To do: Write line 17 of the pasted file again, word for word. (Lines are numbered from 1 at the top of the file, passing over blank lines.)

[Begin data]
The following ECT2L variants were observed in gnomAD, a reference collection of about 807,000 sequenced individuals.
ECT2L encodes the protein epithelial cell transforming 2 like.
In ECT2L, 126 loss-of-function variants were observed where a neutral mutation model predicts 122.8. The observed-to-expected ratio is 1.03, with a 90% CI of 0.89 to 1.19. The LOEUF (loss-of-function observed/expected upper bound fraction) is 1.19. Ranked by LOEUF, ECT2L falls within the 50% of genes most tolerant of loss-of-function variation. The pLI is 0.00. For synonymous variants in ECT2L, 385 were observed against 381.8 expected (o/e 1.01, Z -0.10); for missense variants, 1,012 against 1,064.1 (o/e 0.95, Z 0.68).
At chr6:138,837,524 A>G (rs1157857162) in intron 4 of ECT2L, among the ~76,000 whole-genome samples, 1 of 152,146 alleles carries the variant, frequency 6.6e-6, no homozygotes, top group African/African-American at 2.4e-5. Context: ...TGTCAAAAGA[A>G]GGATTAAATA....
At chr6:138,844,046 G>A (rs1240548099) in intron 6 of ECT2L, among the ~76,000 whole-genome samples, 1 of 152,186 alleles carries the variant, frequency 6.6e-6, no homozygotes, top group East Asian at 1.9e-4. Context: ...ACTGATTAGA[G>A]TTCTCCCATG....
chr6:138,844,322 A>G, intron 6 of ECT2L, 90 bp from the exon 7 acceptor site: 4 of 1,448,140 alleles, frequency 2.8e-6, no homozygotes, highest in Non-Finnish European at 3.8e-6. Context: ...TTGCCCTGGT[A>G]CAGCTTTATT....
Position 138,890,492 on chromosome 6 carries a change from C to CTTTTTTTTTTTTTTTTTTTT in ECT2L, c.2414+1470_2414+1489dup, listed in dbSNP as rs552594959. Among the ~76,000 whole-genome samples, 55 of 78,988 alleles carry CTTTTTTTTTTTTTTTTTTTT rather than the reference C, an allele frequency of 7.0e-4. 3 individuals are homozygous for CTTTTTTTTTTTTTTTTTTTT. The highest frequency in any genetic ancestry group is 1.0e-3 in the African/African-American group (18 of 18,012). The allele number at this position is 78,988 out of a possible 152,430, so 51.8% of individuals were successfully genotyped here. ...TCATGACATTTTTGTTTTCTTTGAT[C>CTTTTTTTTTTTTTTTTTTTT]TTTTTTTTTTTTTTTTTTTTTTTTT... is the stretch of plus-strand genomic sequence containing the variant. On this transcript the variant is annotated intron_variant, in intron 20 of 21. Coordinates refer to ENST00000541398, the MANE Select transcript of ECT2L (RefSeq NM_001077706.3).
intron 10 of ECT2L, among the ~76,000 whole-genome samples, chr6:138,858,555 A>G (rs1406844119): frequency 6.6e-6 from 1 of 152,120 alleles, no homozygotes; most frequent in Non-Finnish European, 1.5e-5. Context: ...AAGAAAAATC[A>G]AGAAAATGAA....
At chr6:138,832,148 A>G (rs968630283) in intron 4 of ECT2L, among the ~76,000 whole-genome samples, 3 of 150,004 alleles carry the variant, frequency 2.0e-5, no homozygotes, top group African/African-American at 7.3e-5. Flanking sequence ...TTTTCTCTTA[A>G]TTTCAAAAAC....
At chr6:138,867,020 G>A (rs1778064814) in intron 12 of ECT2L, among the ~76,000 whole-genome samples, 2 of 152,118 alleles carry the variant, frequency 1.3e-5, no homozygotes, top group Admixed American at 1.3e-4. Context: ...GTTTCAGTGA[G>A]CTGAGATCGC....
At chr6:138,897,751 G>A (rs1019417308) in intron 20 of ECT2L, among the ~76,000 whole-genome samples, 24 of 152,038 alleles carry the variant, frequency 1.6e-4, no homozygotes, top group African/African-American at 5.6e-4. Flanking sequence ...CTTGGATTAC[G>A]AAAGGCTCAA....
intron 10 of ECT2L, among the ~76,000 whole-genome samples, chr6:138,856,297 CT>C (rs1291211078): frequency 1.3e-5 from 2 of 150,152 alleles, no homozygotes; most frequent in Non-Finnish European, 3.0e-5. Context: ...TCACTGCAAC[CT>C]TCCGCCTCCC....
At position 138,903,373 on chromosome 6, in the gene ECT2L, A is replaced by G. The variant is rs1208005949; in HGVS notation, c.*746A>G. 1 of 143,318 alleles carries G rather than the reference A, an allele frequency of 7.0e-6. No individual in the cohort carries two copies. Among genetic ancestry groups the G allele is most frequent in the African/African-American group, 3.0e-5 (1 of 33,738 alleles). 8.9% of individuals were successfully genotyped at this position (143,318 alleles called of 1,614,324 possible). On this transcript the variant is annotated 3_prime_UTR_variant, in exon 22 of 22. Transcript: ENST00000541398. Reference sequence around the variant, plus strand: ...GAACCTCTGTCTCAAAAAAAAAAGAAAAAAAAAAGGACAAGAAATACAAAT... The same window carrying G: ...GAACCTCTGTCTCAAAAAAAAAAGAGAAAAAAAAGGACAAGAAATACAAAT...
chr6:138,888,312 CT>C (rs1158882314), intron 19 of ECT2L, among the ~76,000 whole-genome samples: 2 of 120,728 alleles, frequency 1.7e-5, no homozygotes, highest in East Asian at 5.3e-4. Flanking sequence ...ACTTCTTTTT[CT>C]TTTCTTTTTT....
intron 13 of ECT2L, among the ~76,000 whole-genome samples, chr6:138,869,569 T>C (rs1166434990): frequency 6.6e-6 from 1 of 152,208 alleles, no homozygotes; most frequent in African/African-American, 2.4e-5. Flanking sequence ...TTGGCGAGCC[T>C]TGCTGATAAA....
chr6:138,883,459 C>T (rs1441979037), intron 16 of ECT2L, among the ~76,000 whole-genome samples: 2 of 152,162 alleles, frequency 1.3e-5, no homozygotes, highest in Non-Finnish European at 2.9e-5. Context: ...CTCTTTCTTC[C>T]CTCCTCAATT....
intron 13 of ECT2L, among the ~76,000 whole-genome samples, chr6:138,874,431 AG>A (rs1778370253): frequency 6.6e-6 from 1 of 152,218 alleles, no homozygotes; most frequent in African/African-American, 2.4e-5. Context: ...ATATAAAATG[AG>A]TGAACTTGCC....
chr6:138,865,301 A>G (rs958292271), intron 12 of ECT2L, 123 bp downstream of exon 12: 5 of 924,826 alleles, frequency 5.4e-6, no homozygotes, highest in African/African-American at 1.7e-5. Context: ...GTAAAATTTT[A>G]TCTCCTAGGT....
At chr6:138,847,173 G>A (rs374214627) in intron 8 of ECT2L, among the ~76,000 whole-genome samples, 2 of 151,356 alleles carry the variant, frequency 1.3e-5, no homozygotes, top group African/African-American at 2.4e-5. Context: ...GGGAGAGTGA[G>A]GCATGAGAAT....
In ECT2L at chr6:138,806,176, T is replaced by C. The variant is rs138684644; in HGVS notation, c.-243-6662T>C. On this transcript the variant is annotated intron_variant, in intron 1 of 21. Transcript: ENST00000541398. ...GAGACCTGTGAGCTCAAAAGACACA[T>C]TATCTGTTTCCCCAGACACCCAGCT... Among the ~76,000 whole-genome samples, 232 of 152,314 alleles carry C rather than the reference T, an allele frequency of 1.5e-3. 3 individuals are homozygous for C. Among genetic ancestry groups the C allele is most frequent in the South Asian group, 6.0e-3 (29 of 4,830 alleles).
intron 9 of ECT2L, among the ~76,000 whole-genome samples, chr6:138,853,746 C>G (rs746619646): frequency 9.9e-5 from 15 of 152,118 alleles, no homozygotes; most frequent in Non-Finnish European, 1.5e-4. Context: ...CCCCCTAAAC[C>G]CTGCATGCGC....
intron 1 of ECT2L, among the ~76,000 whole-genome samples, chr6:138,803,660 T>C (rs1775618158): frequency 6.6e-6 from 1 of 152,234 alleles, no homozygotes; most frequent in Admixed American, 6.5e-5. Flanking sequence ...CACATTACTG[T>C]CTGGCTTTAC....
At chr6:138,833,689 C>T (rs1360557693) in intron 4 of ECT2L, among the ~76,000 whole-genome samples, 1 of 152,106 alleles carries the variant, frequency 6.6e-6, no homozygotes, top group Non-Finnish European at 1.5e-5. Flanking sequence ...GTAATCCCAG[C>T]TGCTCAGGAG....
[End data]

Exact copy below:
intron 13 of ECT2L, among the ~76,000 whole-genome samples, chr6:138,874,431 AG>A (rs1778370253): frequency 6.6e-6 from 1 of 152,218 alleles, no homozygotes; most frequent in African/African-American, 2.4e-5. Context: ...ATATAAAATG[AG>A]TGAACTTGCC....